Cooking Sous Vide in the home - Why I like CodloMonday, December 01, 2014
I prefer to use SV-enablers because they are compact, mobile and flexible when it comes to different types and sizes of pots. They can work on any analogue appliance with a mechanical switch. As I already have rice cookers in my kitchen, I now have added use for them.
The rice cooker is very easy to clean as the inner pot can be easily removed. As the heating element is at the base, you don't need a water-stirring mechanism to distribute the heat. This also means that you can pack your food closer together. As the temperature sensor is thin, the cooker's cover closes easily if your SV-cooking requires a covered pot. The rice cooker is insulated and efficient as a a cooker, saving you on some electricity.
The temperature sensor is safe. I use it to cook "double-boiled" soups and braises (i.e. Bak Kut Teh) and braises/stews (i.e. soy-sauce chicken, braised pork, char siew). As the water level is not an issue, it make sense to use the enabler for better control over your braises. Here is where one can question if this is still "Sous Vide" cooking since it is no longer cooked "under vacuum." Call it whatever you may ( I will call it "Open Sous Vide"), these enabler devices simply allows me to cook this way. I don't need to worry about vacumn-packing my food. It can be used to make beer. Cool.
I have been using Sous Vide Magic (SVM) for more than 2 years now. Reliable and robust, it has been serving me very well. There are some very good Sous Vide gadgets out there (i.e. Annova, Nomiku) and today, we are indeed spoilt for choice. But I have not found a reason to add another SV gadget to SVM as yet.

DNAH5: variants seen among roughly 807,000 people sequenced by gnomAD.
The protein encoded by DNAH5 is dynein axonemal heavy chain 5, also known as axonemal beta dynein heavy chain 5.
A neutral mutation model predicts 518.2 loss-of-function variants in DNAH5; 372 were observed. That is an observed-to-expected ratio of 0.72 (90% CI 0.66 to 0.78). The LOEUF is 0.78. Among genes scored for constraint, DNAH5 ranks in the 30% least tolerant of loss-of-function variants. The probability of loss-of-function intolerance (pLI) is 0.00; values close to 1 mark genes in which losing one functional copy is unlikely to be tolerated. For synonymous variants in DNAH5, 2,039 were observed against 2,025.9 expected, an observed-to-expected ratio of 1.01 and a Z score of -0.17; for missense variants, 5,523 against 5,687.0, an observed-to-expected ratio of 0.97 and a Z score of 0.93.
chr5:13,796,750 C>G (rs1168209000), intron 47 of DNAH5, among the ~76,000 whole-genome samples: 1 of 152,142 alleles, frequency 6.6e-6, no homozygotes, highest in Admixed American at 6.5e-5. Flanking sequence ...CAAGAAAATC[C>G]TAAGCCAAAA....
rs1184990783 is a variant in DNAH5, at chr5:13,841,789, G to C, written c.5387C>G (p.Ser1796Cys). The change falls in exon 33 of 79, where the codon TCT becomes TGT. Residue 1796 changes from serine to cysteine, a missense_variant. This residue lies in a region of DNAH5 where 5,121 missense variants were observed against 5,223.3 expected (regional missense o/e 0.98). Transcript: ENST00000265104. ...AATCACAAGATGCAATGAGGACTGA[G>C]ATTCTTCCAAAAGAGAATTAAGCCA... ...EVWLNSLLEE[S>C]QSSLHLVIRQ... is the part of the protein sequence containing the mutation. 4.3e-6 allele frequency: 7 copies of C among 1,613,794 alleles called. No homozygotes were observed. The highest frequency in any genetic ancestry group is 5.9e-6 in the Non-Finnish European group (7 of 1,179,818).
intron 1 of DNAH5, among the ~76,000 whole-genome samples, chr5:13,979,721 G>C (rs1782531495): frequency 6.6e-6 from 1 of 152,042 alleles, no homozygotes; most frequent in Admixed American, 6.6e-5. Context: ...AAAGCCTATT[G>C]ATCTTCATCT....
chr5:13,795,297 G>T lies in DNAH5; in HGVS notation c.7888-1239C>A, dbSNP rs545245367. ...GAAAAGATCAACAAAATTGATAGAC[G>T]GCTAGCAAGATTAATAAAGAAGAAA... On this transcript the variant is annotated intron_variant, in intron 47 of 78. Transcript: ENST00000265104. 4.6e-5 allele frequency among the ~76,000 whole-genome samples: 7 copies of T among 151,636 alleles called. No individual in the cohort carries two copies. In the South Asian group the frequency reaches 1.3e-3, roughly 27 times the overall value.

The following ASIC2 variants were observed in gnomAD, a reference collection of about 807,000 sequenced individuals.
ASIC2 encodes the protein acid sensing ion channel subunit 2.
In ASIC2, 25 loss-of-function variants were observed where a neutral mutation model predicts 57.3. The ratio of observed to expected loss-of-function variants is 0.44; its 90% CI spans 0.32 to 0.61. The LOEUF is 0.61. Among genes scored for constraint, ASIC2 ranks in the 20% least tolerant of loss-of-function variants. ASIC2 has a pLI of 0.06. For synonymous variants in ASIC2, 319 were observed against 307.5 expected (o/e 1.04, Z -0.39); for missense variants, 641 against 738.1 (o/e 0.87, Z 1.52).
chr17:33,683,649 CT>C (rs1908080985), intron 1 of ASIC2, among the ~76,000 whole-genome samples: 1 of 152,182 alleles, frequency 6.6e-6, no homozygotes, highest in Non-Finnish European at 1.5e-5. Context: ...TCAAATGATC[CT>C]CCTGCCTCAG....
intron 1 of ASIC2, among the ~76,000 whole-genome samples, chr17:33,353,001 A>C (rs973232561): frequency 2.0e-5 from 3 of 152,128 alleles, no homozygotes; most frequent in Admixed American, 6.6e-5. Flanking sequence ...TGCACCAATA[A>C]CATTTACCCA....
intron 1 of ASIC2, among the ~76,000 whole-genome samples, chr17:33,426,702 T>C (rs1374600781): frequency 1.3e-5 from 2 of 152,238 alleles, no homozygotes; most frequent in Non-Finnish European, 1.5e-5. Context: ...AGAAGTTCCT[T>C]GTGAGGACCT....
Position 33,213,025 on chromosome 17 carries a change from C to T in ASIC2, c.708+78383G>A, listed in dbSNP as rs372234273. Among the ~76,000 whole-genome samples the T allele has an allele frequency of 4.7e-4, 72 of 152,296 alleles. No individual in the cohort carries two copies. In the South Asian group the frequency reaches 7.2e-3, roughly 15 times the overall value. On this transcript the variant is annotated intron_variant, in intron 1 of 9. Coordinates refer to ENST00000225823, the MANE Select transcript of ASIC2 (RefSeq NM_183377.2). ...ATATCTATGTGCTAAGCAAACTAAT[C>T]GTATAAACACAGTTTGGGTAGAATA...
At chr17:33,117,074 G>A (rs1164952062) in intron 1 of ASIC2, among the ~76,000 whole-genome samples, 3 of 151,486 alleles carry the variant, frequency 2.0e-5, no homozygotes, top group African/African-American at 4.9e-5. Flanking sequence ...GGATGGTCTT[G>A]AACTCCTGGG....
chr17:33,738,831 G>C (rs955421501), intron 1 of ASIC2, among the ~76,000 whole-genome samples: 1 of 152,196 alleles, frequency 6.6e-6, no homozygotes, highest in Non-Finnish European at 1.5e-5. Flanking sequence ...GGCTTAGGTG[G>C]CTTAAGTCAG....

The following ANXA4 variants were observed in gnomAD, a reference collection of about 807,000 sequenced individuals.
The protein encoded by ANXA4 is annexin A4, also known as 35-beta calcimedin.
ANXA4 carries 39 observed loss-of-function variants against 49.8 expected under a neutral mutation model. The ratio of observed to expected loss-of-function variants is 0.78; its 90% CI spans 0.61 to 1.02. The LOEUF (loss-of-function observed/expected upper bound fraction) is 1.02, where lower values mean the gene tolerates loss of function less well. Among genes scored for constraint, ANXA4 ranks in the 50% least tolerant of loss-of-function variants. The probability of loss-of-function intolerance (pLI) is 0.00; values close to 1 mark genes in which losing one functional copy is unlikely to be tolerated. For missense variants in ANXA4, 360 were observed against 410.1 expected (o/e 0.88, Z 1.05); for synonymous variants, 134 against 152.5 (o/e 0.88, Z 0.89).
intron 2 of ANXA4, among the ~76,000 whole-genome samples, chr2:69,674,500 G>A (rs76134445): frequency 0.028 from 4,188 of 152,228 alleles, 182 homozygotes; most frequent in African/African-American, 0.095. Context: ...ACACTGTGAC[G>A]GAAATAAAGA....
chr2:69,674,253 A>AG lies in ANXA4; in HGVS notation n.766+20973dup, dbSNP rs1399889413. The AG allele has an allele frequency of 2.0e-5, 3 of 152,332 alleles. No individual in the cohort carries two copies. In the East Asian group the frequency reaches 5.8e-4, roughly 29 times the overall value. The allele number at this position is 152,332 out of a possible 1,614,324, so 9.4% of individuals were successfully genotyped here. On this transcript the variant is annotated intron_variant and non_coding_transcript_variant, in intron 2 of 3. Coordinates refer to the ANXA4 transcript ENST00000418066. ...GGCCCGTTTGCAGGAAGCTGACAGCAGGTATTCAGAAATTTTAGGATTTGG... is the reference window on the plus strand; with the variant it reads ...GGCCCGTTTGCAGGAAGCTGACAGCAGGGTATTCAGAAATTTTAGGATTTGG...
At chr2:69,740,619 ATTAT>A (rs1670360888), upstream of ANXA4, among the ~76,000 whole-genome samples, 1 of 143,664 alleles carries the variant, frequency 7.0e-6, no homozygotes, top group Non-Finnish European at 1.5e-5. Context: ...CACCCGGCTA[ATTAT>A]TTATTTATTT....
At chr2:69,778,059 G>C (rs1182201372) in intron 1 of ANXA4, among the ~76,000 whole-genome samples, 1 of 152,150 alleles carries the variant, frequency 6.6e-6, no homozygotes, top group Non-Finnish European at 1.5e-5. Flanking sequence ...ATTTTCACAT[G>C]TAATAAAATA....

Until I encountered Codlo. It looked promising on Kickstart and I was all too happy to support it. I have already wrote an earlier article about Codlo here. The people behind it (Grace & XI) are really nice and friendly folks and their service have been superb.
|The pretty Codlo is a neat package with the sensor wrapping nicely around it to be tucked away or |
used as a decor piece on your balcony table :).
Codlo is elegant, beautiful and intelligently designed. The interface is intuitive. One switch each for power-on and starting the cooking process; and two sets of arrows for control of temperature and time. The colors of the LED lights and the "traffic light progress" bar indicator also acts as visual hints. It sticks nicely into the wall's power outlet and yes, no foot print is taken up on the kitchen table. The temperature sensor inserts at the bottom of Codlo and parallels the rice cooker power plug.
When not in use, just wrap the sensor around it and store away. Neat. And if you have a spare power outlet, just switch it off and leave it there.
I have been trying to teach my church's Food Ministry ladies how to use Sous Vide Magic and set the temperature and time clock but it has been difficult. Though I personally find SVM easy to use, Codlo is even more intuitive and will be easy to recommend to the average home cook.
As Codlo and SVM has no heating elements, it is a better bet when it comes to being robust, durable and reliable. I won't want to have a 48-hour short rib beef failing half-way through its cooking.
For homes with analogue rice cookers or electrical pots, Codlo or SVM is a great option.
If I can only choose one Sous Vide gadget, it will have to be Codlo for me. It has the widest range of cooking uses. And when you are cooking as regularly as I do, small details like neatness, compactness and ease of cleaning becomes a necessity. At £99, the price is also attractive.
I will still use my old faithful SVM as back up or for days when I need more than one SV gadget. There is enough room in the emerging market for SV appliances and I hope SVM will improve on it's design. Annova will be a nice addition for its versatility in terms of containers for that occasional large party cooking but I need to be sure that it is robust enough.
You can order your Codlo from here. Check for yourself on the details and specs. Do I need to add any disclaimer? I do not get any financial benefit from this (yes, I paid fully for my Codlo!). This post is just good advice to those curious about Sous Vide cooking and wondering about what gadget to go for.
This post does make a push for enabler devices and if the lab-like Sous Vide Magic interface is a turn off for you, here is one which is prettier and more intuitive.
Ed: You can read some of my posts on Sous Vide here.)